Learn how to lower your risk for pancreatic cancer and how to spot signs.
A person’s lifetime risk of developing pancreatic cancer is about 1 in 64, according to the American Cancer Society. But people can reduce their risk by making certain lifestyle modifications, being aware of their family medical history and staying in tune with changes in their body.
“Pancreatic cancer is so tricky because it often shows with little signs or symptoms, especially in the early stages,” said Kira Soldani, NP, an advanced practice provider in surgical oncology at Vanderbilt University Medical Center. Talk to your primary care provider right away if you experience jaundice (a yellowing of the skin), changes in your stool, unexpected weight loss, or unexplained abdominal pain, nausea or vomiting.
Your best defense to lower your risk for pancreatic cancer is reducing your modifiable risk factors and being aware of the ones you cannot change.
Modifiable risk factors
One major risk factor for developing pancreatic cancer is having chronic pancreatitis. “Chronic pancreatitis is long-term inflammation of the pancreas,” Soldani explained, “and that’s often seen with patients with heavy alcohol use or smoking.” Smoking cessation and reducing alcohol consumption can help minimize the risk of pancreas cancer.
Certain pancreatic cysts can also transform into pancreatic cancer. Therefore, they need to evaluated and followed.
Obesity and type 2 diabetes are also risk factors for pancreatic cancer. “There is not a specific diet to help decrease your risk, other than just eating a well-balanced diet,” Soldani explained. Talk to your primary care provider about solutions to help you reduce your risks if you have concerns about your weight, your alcohol or tobacco consumption or managing diabetes. It is unclear whether type 1 diabetes is a risk factor, Soldani noted.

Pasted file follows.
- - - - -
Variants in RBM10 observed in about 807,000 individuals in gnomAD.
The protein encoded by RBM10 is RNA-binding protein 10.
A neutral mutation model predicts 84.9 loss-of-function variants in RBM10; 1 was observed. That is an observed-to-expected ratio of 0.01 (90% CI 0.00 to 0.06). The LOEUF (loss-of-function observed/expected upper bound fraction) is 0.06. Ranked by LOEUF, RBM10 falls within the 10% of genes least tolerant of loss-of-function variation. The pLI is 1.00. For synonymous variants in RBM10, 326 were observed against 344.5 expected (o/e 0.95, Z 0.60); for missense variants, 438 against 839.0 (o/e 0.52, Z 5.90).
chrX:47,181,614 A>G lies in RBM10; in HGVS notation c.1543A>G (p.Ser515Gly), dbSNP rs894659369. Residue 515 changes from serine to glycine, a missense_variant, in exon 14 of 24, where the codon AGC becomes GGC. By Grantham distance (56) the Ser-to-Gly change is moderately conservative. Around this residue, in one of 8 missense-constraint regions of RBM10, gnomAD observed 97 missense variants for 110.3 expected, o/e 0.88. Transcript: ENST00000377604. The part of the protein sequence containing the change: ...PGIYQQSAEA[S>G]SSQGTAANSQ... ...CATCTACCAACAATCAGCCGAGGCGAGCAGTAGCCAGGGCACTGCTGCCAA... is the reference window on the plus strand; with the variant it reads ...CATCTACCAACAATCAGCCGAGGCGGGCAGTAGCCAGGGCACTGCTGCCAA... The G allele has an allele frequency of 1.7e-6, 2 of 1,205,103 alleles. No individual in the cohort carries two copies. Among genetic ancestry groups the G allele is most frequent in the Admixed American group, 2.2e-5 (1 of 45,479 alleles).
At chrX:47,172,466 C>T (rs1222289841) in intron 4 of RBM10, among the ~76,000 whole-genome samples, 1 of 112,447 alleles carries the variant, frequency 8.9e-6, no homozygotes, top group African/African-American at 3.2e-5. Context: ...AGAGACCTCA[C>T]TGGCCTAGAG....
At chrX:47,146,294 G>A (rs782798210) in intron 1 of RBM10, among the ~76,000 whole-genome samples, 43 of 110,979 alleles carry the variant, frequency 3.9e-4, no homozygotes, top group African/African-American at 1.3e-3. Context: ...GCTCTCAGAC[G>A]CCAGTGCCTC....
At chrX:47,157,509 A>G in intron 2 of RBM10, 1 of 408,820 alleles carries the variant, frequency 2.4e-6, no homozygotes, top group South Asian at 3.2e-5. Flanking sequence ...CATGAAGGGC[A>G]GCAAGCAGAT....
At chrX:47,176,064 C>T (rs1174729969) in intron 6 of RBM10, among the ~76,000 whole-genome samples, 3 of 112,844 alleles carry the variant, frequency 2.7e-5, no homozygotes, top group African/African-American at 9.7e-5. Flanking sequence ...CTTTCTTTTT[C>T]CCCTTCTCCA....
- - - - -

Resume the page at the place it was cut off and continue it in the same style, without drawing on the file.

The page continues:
Your family history may also put you at a higher risk. “Families are usually considered to have some sort of familial pancreatic cancer if there are at least two members of the family with pancreatic cancer who are first-degree relatives,” Soldani said. First-degree relatives are a parent, a sibling or a child. Or, if you have three members, not necessarily all first-degree relatives, who’ve had pancreatic cancer, that is also a red flag.
“With inherited genetic syndromes, there’s a lot of overlapping with pancreatic cancer and, for instance, hereditary breast and ovarian cancer,” Soldani added. That’s why it’s important to understand your family medical history and have an informed discussion with your primary care provider who can then refer you to a specialist or order testing if necessary.
Additional non-modifiable risk factors
Your age, gender and race also impact your risk for developing pancreatic cancer, according to the American Cancer Society. Risk increases with age. Almost all patients with a diagnosis are over 45, and two-third are over 65. “Men are slightly more likely to develop pancreatic cancer than women,” Soldani said. “And African Americans are more likely to develop pancreatic cancer than non-African Americans.”
Pancreatic cancer prevention and treatment
If you or someone you love is diagnosed with pancreatic cancer or are at a higher risk for developing it, Vanderbilt’s pancreas program offers a multidisciplinary team approach that helps individualize care, Soldani said. “It’s kind of one-stop shop for patients and their families,” she explained. “It allows us to really hold their hand through the process.”
The experts at Vanderbilt-Ingram Cancer Center work to provide a precise diagnosis and effective treatment options for pancreatic cancer. The team combines advanced research, technology and techniques with compassionate care to create a personalized treatment plan that is right for each patient.